Discipline Leading to Salvation

Discipline Leading to Salvation

Jeremiah 30:4 – 30:17

In life we want to do certain things or try to become something that we are not, but we don’t care much for the process involved. We would like to go to medical school, say, but we don’t like the prospect of spending years studying to be a doctor. We would like to play the piano but we don’t like the idea of practicing scales every day. We would like to be like Jesus Christ but we don’t like the process of developing a Christ-like character.

Every one of us longs for something more glorious and splendid. We long for fruitfulness, peace and joy. It was Tennyson who wrote,

Thou wilt not leave us in the dust:
Thou madest man, he knows not why;
He thinks he was not made to die;
And thou hast made him: thou art just.

We long for heaven. For believers, this longing is realized in the person of Jesus Christ. Through him we hope for the glory of God.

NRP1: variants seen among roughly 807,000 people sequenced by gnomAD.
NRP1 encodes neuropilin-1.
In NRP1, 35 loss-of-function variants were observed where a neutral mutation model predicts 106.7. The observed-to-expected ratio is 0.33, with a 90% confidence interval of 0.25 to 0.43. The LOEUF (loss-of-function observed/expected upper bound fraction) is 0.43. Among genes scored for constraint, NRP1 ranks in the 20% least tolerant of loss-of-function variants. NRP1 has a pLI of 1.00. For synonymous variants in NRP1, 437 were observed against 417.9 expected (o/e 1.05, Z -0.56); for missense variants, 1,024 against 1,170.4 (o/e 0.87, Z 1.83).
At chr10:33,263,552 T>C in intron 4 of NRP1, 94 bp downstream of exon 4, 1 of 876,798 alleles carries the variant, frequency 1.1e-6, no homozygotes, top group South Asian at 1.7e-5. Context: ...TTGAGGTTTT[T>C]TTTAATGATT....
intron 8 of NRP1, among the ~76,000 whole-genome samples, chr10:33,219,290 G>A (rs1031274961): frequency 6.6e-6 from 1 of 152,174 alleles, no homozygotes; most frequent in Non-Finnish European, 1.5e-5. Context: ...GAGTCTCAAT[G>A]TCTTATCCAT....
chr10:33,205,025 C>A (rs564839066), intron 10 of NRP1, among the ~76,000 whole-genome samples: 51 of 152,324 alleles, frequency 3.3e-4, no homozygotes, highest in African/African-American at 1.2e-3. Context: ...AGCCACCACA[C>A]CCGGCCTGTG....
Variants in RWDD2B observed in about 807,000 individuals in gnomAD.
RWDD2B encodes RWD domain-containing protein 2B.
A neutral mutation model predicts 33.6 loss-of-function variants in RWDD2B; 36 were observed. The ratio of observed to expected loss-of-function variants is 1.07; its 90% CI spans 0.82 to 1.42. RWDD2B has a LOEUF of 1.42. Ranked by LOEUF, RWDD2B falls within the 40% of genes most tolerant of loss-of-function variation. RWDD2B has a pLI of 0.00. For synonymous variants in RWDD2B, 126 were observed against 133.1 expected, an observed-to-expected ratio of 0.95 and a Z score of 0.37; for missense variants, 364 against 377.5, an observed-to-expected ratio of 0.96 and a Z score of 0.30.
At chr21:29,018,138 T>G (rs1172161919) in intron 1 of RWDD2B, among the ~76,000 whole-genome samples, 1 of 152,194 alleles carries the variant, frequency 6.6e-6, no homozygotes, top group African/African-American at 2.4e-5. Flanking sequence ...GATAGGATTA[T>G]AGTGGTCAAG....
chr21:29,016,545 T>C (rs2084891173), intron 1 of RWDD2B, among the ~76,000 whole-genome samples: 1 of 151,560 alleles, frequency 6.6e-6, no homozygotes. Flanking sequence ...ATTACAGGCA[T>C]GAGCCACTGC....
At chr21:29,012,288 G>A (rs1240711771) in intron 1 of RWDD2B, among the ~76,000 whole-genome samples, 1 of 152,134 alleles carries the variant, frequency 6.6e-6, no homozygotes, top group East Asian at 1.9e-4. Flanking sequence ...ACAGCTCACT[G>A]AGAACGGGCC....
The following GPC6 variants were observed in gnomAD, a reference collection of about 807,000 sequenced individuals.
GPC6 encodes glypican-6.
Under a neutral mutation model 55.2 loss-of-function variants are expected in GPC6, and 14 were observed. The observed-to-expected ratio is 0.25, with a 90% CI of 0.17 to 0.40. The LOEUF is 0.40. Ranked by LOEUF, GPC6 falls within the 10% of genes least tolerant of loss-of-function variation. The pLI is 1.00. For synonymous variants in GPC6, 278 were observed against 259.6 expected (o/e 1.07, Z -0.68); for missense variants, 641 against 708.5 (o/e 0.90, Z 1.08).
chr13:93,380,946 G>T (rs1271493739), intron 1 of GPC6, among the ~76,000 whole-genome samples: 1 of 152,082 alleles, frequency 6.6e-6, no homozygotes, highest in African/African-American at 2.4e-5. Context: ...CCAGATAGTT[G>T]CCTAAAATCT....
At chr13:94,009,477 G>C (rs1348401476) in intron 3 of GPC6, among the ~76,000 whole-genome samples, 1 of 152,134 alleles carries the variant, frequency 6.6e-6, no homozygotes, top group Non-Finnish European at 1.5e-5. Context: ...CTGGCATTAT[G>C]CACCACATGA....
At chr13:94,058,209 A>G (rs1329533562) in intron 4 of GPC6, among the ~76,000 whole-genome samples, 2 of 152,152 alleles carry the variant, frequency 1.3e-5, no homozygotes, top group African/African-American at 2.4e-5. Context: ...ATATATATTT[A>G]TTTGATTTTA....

In our last study in the book of Jeremiah we began to talk about this hope as it is set out in the beautiful text from chapter 30, where God said:

“For behold, days are coming,” declares the LORD, “when I will restore the fortunes of My people Israel and Judah.” (Jer 30:3)

God spoke these words for the benefit of the people of Judah. Exiled in Babylon in the year 587 B.C., they were in a place they didn’t want to be, living a life they didn’t want to live. These words would provide comfort and hope for a future day when their longings for home would be satisfied.

These words are written for us, too, when we find ourselves living far from home, in a place we don’t want to be. They are meant to give us hope in the grand and glorious day when all of our longings and desires will be satisfied with God’s goodness.

Part of this word from God was fulfilled when Jesus Christ ushered in the New Covenant. We have a taste of glory and fruitfulness. And yet, there is something much greater awaiting the people of God.